I wrote an article on my previous blog Partisan News Junkie about my take on the Obama eligibility issue. It was a nuanced position: I'm not a birther, but I understand their argument and thought it was the most misstated and misreported story of the 2008 election. The real challenge is not his place of birth, but his dual US / British citizenship at birth due through his father. The "Natural-Born Citizen" requirement in the Constitution - a subset of all possible citizens - was about allegiance. They understandably didn't want dual allegiance after fighting a revolution with England. Natural law at the time of the founding traced natural born citizenship through the father.

Then I wrote a post on this blog about what I considered Marco Rubio's eligibility problem. Born in the US, yes. But his parents weren't US citizens at his birth. They were Cuban, and were naturalized after his birth. Dual allegiance? Is that why he's pushing (and lying about) the immigration bill so doggedly? My argument then was that for Birthers to be consistent you would have to challenge Rubio's eligibility as a NBC - per the child of two citizens test - also. If Obama is ineligible, Rubio is ineligible. And I'm okay with that.

Now we have Senator Ted Cruz, tea party favorite, who I like a lot. But, his dual allegiance at birth is a problem worth discussing. Born out of the country, with dual US/Canadian citizenship, to a father who is not a US citizen. Worst case, in terms of eligibility.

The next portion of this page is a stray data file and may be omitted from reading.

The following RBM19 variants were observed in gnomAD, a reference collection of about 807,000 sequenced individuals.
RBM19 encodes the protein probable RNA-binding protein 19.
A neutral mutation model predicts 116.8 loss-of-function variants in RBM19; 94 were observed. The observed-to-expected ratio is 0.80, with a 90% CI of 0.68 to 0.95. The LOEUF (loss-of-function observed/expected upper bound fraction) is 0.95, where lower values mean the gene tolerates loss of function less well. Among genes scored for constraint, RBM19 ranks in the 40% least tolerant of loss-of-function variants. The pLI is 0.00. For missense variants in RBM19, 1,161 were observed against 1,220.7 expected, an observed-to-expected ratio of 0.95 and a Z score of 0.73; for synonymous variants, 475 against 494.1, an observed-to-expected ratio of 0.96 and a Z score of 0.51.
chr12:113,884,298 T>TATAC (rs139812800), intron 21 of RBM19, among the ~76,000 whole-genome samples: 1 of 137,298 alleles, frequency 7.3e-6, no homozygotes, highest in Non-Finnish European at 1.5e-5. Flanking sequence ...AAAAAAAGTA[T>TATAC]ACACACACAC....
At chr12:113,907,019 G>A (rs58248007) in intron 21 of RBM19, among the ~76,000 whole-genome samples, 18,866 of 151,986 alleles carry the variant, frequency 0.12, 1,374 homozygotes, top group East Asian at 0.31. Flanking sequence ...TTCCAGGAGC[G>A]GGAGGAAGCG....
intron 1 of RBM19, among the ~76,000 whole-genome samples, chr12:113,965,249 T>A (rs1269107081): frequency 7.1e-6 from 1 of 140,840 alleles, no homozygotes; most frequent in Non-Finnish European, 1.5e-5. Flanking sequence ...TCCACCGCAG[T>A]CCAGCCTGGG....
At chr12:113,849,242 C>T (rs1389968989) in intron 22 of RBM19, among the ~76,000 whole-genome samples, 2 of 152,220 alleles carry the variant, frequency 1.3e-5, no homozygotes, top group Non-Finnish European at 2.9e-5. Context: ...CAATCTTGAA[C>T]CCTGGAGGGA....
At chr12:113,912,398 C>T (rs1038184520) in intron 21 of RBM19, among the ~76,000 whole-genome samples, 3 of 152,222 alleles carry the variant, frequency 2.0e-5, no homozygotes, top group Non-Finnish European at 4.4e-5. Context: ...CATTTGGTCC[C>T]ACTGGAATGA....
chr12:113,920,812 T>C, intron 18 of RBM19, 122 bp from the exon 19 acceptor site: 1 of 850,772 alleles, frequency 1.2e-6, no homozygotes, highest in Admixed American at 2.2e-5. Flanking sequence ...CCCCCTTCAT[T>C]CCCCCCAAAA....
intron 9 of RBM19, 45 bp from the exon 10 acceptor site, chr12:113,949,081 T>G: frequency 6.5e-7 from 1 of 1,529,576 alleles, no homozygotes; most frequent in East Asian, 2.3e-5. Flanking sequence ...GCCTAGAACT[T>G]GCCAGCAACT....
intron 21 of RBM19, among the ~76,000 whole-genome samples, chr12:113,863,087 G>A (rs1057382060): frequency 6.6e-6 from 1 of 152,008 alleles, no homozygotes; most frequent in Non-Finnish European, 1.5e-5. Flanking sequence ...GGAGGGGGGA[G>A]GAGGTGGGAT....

There is one and only one job in America that has a restrictive requirement for a Natural-Born citizen, as specified in our founding document the Constitution. I know many of you think that it is silly, and I know our current President has established a pattern of disregarding law that he doesn't like. But, until you go through the right channels to change it, the NBC requirement is still binding.

If Obama is ineligible as described above, and I stress if, then so is Rubio and Cruz. And I'm fine with that. There are enough talented people in the country that can serve as president that we don't need to violate the Constitution just because we favor one particular candidate. Let's pick one of the remaining 300 million Americans that is clearly eligible on all counts, and get on with it in 2016.

But, here's the fun part: by protecting Obama on the eligibility question, leftists have also immunized Rubio - and probably Cruz (who is a citizen). Ha!